Can you always rely on ATC to keep you away from the bad weather? First of all, remember it's not ATC's primary responsibility to do this. I've had several experiences since writing the "Never Again" article that make me even more cautious about counting on ATC for weather avoidance.

I was returning with a friend to the East Coast from EAA AirVenture in Oshkosh. The weather briefing called for the possibility of convective activity over Michigan. As we approached the eastern shore of Lake Michigan the view ahead was not encouraging. Using a Strikefinder, we asked ATC for headings that would get us through the heaviest of the weather. As we proceeded, we saw a bolt of lightning about one-half mile off the nose of the airplane. Surprisingly, the Strikefinder did not display any activity ahead. ATC by that time had become quite busy, and we had trouble contacting them. Flightwatch was also jammed with inquiries. It was lighter to the north, and we finally received permission for a deviation of about 90 degrees to get clear of the weather. As it turned out, we ended up in Canadian airspace before we were able to turn southwest and a heading for home. (Toronto Center refused to provide any assistance whatsoever with weather avoidance.) This is yet another case where personal weather judgment and knowledge trumps ATC.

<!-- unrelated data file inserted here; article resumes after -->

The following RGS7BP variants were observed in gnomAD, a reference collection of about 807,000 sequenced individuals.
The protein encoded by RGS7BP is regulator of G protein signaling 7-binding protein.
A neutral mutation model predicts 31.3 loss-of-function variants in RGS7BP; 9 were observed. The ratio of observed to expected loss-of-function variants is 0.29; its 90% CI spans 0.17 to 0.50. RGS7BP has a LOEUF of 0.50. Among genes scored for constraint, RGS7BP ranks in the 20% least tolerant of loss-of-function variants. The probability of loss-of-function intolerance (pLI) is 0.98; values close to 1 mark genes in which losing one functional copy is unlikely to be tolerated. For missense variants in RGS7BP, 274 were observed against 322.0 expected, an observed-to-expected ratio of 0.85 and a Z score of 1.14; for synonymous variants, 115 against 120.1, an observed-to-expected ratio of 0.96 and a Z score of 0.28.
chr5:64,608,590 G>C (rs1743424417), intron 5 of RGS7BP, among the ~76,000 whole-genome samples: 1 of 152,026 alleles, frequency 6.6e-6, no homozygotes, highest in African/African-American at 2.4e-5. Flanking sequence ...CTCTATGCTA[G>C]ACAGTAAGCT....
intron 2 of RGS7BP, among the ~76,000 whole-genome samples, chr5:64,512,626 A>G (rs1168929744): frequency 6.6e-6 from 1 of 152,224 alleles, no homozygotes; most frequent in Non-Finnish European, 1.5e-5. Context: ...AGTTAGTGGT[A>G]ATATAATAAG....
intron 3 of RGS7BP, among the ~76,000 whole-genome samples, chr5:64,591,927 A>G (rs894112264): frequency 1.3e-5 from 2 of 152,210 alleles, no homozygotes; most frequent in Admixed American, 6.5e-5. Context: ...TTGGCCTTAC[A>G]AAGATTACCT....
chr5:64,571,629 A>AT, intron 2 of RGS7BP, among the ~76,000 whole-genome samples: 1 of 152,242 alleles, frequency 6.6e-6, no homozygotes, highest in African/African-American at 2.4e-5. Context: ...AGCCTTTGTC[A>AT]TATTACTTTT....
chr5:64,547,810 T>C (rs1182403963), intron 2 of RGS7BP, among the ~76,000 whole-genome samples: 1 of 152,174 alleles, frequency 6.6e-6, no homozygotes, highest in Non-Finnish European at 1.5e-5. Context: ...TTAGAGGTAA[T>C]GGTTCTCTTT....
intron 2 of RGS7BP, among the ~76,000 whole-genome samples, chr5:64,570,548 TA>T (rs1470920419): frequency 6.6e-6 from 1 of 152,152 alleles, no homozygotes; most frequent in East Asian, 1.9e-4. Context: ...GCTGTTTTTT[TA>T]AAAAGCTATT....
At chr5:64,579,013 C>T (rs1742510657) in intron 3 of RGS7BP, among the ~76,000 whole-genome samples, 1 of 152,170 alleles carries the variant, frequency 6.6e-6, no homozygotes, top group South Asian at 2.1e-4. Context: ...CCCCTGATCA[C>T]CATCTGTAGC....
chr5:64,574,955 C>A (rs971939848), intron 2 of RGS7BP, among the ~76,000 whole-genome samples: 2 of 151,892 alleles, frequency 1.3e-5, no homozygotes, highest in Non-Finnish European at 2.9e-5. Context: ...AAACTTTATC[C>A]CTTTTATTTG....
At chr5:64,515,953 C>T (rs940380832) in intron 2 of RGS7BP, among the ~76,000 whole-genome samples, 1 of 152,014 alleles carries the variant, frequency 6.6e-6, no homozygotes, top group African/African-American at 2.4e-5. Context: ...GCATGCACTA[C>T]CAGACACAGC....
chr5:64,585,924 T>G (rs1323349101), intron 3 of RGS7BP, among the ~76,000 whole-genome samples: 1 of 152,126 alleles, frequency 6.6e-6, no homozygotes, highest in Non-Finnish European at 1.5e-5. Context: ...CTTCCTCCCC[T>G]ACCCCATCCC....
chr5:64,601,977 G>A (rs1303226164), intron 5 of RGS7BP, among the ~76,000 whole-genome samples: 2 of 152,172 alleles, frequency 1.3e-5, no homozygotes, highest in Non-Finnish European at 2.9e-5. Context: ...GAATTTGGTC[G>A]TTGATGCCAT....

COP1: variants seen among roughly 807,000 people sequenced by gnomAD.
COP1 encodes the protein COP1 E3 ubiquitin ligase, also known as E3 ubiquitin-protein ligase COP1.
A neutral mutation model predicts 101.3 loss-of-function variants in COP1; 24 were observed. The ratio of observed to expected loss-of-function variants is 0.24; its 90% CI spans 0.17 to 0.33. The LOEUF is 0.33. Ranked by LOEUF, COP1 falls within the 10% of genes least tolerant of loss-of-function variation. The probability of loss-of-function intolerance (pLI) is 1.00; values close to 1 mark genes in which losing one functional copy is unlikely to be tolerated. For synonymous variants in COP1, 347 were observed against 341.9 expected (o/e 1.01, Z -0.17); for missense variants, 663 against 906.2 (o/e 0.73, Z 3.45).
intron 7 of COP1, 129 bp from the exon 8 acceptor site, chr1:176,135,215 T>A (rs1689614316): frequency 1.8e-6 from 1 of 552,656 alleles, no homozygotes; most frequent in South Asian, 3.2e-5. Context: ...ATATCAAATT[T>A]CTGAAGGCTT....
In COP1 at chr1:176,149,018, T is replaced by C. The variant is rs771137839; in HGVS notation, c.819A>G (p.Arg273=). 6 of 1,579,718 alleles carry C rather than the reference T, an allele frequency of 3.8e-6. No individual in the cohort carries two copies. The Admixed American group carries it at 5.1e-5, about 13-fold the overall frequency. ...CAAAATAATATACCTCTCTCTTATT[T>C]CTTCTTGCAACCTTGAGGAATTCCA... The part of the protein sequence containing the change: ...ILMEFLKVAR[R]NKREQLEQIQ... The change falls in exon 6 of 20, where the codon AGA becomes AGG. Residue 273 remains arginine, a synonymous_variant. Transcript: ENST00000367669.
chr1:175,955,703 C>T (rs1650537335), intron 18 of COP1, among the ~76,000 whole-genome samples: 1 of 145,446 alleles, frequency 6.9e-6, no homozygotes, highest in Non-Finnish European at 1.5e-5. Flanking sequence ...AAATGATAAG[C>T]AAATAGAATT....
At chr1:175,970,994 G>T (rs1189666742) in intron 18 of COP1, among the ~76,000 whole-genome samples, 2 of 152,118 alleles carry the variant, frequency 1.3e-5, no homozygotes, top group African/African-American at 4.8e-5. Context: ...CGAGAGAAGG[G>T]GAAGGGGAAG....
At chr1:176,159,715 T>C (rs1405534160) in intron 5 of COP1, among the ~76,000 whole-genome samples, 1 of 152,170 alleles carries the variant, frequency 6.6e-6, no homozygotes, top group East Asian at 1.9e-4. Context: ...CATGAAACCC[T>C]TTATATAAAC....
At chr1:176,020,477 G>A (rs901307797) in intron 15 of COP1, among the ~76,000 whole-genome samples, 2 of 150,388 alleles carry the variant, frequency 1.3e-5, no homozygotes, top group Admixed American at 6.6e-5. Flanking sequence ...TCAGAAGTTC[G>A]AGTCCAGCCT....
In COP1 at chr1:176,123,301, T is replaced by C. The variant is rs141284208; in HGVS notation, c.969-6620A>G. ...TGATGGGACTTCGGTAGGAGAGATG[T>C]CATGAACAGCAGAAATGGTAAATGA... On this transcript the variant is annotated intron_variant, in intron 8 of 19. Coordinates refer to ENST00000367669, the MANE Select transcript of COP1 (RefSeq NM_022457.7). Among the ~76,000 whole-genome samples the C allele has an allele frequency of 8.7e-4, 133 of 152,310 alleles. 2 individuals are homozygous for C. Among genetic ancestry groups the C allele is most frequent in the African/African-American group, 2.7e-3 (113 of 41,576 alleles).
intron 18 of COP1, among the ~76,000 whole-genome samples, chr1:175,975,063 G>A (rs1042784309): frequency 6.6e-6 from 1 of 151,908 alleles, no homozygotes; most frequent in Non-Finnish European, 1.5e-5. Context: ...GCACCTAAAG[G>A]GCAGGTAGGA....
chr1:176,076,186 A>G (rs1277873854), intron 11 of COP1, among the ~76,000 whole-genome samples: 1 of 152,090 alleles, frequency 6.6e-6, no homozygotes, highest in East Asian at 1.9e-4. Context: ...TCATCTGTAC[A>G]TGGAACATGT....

For several days before departing Oshkosh, we had observed what the weather was doing. The Weather Channel and the surface weather imagery charts from Meteorlogix, available at AOPA Online, were both good sources for long-range weather planning, keeping in mind the limitations of long-range forecasts.